Florida Sparks Outrage Over DeSantis-Backed Curriculum Teaching Slavery Was a ‘Benefit’ to Black People

By: Georgia | Published: Jun 04, 2024

In Florida, the state’s K-12 curriculum will continue to include a statement that suggests Black slaves could personally benefit from skills developed during slavery. 

This decision comes after the Florida Board of Education approved the 2024 social studies standards on May 29. Critics, particularly within the Black community, argue that this perspective distorts historical truths and disrespects the experiences of enslaved individuals.

Opposition from Community Leaders

State Sen. Geraldine Thompson voiced strong opposition to the curriculum’s wording, particularly troubled by the portrayal of slavery.

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She said, “I’m just baffled because I provided the Department of Education with language that would be less inflammatory and less inaccurate than that statement. It is unbelievable.” 

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Suggestions Ignored by the Board

Sen. Thompson expressed frustration over her suggestions being disregarded by the board. 

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She said, “What I suggested to them was apparently totally ignored,” indicating a disconnect between the educational authorities and the voices of Black leaders aiming to influence the curriculum’s content.

Broader Curriculum Updates Discussed

The curriculum update wasn’t limited to African American history; it included new curriculums for 9/11 Heroes’ Day and the history of Asian American and Pacific Islanders.

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However, the changes to the African American history section have drawn the most controversy and discussion among the public and educators.

Educational Leadership's Perspective

Paul Burns, Chancellor for the Division of K-12 Public Schools, commented on the curriculum update, stating, “These new and revised standards will directly impact student achievement in Florida and will make sure that our teachers have the right standards to engage in high-quality instruction.”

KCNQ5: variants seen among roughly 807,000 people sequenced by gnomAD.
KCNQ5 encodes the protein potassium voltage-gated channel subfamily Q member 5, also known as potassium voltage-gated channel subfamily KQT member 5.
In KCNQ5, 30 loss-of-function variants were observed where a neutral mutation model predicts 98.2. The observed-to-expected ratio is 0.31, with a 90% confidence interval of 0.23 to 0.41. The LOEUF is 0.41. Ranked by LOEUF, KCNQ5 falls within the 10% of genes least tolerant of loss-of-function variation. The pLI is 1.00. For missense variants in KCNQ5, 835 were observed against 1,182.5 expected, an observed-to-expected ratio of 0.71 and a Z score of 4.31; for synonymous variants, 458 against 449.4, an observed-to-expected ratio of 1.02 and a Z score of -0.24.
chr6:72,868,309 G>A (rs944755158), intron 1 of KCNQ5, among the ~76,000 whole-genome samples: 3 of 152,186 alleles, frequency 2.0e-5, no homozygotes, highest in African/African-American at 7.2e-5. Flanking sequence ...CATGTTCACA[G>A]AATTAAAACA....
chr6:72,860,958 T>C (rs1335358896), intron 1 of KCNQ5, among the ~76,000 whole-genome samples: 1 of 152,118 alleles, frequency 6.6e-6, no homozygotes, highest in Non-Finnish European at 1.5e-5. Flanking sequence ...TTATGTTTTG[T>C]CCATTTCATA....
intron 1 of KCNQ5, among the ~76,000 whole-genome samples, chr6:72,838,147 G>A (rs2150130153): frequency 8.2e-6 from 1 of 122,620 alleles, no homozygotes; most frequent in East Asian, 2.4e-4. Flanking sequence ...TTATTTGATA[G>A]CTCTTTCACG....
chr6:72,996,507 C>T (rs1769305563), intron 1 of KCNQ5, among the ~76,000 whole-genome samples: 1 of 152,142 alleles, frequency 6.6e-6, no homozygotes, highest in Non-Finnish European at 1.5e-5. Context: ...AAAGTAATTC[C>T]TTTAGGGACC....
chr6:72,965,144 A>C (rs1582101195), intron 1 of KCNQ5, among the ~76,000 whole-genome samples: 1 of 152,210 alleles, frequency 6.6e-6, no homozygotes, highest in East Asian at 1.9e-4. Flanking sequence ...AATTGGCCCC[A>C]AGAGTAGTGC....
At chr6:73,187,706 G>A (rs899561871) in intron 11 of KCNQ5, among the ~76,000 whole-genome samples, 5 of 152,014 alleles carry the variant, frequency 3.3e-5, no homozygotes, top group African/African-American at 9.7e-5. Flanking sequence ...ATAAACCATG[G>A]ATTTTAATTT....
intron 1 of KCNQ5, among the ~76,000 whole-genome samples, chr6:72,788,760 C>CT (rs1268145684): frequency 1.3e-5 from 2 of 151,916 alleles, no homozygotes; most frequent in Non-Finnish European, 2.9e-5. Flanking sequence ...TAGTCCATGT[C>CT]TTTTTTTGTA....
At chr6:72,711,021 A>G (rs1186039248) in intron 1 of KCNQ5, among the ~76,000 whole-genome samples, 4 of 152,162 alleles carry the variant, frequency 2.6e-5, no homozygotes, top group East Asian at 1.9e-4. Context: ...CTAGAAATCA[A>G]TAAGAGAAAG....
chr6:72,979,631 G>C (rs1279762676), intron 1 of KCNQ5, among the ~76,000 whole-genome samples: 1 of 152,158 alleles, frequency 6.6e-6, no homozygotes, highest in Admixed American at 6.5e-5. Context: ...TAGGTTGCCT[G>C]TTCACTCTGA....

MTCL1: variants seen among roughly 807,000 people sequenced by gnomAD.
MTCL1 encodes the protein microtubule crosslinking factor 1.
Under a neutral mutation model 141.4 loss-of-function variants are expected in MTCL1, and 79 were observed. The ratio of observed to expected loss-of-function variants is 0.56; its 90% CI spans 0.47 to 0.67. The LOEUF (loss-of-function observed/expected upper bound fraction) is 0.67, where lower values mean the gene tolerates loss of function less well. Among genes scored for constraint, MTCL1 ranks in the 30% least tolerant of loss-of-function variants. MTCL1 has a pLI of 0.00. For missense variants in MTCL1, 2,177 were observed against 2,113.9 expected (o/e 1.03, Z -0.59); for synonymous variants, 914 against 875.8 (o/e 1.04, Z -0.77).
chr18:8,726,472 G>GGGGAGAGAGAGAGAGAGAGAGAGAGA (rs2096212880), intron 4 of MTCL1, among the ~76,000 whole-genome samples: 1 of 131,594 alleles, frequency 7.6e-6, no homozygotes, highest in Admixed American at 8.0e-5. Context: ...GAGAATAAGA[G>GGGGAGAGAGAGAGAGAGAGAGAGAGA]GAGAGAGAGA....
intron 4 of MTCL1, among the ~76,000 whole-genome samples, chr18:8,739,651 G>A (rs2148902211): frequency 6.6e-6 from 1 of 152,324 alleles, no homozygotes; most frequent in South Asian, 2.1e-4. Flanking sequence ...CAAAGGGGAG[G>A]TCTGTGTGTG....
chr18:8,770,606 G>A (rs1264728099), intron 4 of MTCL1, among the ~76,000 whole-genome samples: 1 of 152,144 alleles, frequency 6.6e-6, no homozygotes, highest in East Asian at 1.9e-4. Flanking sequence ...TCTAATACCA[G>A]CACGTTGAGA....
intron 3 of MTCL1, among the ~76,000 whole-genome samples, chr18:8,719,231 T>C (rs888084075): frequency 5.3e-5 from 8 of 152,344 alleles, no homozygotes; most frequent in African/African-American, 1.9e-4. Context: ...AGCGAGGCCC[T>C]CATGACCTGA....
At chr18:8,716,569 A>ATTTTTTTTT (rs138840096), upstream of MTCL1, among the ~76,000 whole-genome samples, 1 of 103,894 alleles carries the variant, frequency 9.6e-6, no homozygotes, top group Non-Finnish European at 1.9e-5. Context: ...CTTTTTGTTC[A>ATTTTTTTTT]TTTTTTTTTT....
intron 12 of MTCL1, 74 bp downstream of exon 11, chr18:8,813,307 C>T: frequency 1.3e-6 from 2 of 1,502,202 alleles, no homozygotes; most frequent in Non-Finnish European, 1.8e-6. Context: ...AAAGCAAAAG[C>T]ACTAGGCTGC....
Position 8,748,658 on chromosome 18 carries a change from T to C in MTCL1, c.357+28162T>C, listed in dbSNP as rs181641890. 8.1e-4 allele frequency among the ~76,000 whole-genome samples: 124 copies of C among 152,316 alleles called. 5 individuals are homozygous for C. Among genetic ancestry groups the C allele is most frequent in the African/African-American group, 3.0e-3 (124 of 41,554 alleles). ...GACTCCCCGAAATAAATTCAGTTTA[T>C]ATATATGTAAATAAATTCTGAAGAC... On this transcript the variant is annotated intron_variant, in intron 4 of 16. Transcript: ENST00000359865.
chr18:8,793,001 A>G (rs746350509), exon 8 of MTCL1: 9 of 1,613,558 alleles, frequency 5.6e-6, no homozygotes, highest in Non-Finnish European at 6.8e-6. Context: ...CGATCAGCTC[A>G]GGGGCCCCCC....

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This statement was made in the context of broader curriculum changes across the state.

Ongoing Advocacy Against Curriculum Wording

For almost a year, Black communities in Florida, led by their elected officials and religious leaders, have been actively protesting against the inclusion of certain language in the curriculum. 

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Their efforts are aimed at removing what they see as a misrepresentation of Black history and its impact on students.

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Continuous Lobbying for Change

Despite ongoing efforts by community leaders to amend the controversial parts of the curriculum, their suggestions and protests have yet to result in changes.

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This ongoing struggle highlights the challenges of influencing educational content at the state level.

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Emotional and Educational Impact of Curriculum

The content of the curriculum has significant implications, both educationally and emotionally, for students and the larger Black community in Florida. 

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The debate over this curriculum content reflects broader discussions on how history is taught and whose histories are emphasized.

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Awaiting Official Response

As the debate continues, a response from the Department of Education’s spokesperson is still pending. 

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The community awaits this response, hoping for a possible reconsideration of the curriculum content amid widespread criticism.

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Historical Accuracy vs. Educational Policy

This situation illustrates the ongoing conflict between striving for historical accuracy and shaping state educational policies. 

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It raises important questions about the role of education in reflecting historical truths versus promoting particular narratives.

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Ignored Voices Lead to Widespread Discontent

State Sen. Shevrin Jones captured the sentiments of many when he remarked, “The fact that the Board of Education ignored the voices of Black Floridians and Black Americans when it came to us asking for a revision to that language is absolutely unfortunate.”

A male teacher engaging with young students in a colorful elementary classroom

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This statement reflects the frustration felt by many in the community.

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Future Steps Towards Educational Inclusivity

Looking ahead, there is a strong call from various community segments for the curriculum to better reflect accurate and inclusive historical narratives. 

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The goal is for future revisions to align more closely with the factual history of African Americans and to foster a comprehensive educational environment.

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